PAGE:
Hurricane Lorena threatens Mexican beach resorts of Los Cabos with heavy rain

MEXICO CITY (Reuters) – Hurricane Lorena churned close to the southern tip of Mexico’s Baja California peninsula on Friday afternoon, threatening to lash the popular beach resorts of Los Cabos with high wind and heavy rains.

FILE PHOTO: A banana plantation damaged by rain storm caused by Tropical Storm Lorena is pictured in Manzanillo, in Colima state, Mexico September 19, 2019. REUTERS/Jesus Lozoya

Lorena, a Category 1 hurricane on the five-step Saffir-Simpson scale, was about 35 miles east of Cabo San Lucas with maximum sustained winds of 75 mph (120 kph), the Miami-based National Hurricane Center (NHC) said in a statement.

“Hurricane conditions should begin soon,” the NHC said.

The storm’s westward movement picked up to 6 mph (10 kph), and the eye of Lorena was due to cross over the end of the peninsula and move up the coast on the western reaches of Baja California Sur state this weekend, NHC projections show.

Dozens of people have entered temporary shelters in Cabo San Lucas, according to local civil protection authorities who warned residents to retreat from coastal areas as rain began falling.

Lorena could strengthen further on Friday, but is expected to begin weakening by Saturday night, the NHC said.

The weather front could then dissipate or be absorbed by tropical storm Mario, which is moving toward the northwest farther out in the Pacific, the center said.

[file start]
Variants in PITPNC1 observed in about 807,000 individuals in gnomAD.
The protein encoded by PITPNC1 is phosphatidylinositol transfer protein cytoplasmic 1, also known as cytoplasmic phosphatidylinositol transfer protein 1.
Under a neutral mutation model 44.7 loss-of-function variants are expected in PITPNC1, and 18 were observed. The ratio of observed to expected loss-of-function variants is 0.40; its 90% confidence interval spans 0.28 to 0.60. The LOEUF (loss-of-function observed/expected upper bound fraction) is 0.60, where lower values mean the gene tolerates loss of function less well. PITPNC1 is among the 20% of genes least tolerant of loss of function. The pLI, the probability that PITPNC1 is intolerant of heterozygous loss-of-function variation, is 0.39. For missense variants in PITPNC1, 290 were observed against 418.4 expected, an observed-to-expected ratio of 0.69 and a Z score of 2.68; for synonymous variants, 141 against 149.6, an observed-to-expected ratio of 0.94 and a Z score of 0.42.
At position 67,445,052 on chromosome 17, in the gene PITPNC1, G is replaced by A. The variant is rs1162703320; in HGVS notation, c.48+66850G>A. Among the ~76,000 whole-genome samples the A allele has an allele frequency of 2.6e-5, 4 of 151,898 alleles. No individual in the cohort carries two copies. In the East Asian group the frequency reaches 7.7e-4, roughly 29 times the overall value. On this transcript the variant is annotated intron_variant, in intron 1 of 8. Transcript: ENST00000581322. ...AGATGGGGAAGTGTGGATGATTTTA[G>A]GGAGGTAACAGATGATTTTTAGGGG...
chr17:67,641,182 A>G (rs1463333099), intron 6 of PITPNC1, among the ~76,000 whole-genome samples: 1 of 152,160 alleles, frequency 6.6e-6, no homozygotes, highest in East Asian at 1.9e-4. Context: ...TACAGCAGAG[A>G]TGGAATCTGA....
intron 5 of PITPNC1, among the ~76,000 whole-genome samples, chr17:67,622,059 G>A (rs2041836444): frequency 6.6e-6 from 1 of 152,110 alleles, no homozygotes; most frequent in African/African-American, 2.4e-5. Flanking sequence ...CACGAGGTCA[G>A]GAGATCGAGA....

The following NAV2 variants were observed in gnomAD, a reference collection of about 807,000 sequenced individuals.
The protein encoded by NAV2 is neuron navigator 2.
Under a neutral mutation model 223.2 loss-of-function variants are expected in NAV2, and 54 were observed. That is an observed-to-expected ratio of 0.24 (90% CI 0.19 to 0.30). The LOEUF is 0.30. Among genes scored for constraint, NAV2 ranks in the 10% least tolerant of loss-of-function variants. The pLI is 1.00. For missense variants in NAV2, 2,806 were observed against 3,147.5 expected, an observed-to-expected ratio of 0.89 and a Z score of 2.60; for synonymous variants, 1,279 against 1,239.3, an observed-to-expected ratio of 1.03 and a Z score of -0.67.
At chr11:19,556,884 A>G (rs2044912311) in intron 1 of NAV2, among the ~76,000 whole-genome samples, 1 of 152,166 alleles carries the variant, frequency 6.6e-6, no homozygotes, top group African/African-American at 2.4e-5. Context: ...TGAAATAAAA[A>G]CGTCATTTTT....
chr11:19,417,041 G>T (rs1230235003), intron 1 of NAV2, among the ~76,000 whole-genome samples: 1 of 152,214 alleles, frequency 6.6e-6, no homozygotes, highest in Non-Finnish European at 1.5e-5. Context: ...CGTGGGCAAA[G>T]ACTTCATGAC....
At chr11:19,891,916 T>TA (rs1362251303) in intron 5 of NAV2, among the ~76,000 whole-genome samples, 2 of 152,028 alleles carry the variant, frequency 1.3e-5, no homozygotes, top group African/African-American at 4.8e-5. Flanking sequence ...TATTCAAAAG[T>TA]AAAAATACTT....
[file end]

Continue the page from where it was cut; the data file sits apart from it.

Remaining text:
Earlier this week, Lorena hit parts of the Pacific coast of Mexico with torrential downpours, forcing schools to suspend classes and disrupting maritime traffic for major ports.

A hurricane warning is in effect for the Baja California peninsula from La Paz to Puerto Cortes, the NHC said. A hurricane watch has been issued for the east coast of the peninsula north of La Paz to San Evaristo, it added.

Lorena is forecast to produce 3 to 6 inches (8 to 15 cm) of rain in parts of southern Baja California Sur, and as much as 8 inches (20 cm) in some areas, the NHC said.

The storm may cause flash flooding as well as swells that spark life-threatening surf and rip current conditions.

Reporting by Dave Graham and Miguel Gutierrez; Additional reporting by Lizbeth Diaz; Editing by Chris Reese and Leslie Adler

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